Wednesday, November 4, 2015

Decoding Delicious

My reading clinic friend reminded me of something recently. We were reading a book and he read through it really well, reading or figuring out almost all the words with little help from me.

Then we played a game with words from the book. He looked and looked at the word delicious but couldn't get it. I gave a few hints about the word but he still didn't get it. I picked up the book again.

"I can read it," he said.

"I know," I said. "I just going to find it in the book so you can see in there if you want."

I turned to the page, the page he had read a few minutes before with little, if any, pause. I held it close. He looked toward me.

I asked, "Would you like to see the word in the book?" He nodded.

I lay the book before him. He stared at it. We read the sentence together, skipping over the word. He read it again and said the word delicious.

We talked about the fact that he struggled with the word in isolation but could read it (figure it out) when he read the sentence. "You are using context," I said. "Looking at the words close to a tricky word helps you figure it out."

I pondered this later, thinking about how interesting it was that the word was so difficult when it was alone but easier to discover when looking at in with other relevant words. Context aids understanding.

The same is true about the kids we teach. We may see behavior in isolation. We see something and cannot decode the meaning. Why does he do that? What will help her do something different?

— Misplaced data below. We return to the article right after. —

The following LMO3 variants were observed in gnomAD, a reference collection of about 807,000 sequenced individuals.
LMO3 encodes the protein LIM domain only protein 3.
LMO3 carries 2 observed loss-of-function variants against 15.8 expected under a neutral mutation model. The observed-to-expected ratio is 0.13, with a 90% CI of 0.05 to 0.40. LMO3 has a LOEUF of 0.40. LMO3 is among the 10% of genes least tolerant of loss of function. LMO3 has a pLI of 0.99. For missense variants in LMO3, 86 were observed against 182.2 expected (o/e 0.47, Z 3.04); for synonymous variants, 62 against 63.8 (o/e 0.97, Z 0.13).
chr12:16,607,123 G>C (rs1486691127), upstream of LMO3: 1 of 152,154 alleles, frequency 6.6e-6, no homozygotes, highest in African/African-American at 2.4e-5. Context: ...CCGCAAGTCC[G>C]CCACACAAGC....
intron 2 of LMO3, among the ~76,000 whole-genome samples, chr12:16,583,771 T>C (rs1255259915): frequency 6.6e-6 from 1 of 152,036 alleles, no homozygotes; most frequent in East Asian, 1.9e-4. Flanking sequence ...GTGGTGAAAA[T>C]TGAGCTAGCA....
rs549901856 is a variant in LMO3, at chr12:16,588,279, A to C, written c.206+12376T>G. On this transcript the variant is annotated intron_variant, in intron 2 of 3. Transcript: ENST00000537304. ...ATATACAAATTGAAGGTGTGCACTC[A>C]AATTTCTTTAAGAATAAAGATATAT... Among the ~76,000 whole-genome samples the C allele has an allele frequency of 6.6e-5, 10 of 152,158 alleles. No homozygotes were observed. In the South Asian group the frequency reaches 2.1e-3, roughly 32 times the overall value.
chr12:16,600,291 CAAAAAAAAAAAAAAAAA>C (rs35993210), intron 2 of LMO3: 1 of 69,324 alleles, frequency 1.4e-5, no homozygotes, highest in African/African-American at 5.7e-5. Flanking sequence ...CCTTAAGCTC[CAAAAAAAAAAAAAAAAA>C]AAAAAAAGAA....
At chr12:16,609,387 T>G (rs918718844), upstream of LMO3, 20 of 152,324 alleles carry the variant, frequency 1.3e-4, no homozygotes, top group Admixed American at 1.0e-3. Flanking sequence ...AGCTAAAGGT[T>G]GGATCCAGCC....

We must see the child in context. Is the behavior related to a trigger, another event or particular group of event? What about his family life or her sleep patterns? Sometimes when we see the child in a larger environment, we can understand what is really happen. Context aids understanding.

A little while back, I blogged about my friend and his library books. This week, he brought his new library books with him to the reading clinic. We don't need these books. I have other books that are planned for the tutoring time. When he wanted to bring his books with him, I could have forced him to leave them in his classroom. We have limited time and a plan for that time. Those books are not a part of that plan.

But because I have some larger context (he can't take the books home), I know why he wants to bring those books. He wants to share these books that he chose from the library. Maybe he just wants to talk to someone about something.

So, if we have a little less time for word work or must write a shorter sentence about his reading, we will. I'll plan time for us to look at his books, for him to share them with me. We'll read a sentence or two from one of the books at some point. I'll listen to him talk about them. Because I know why.

Context aids understanding.

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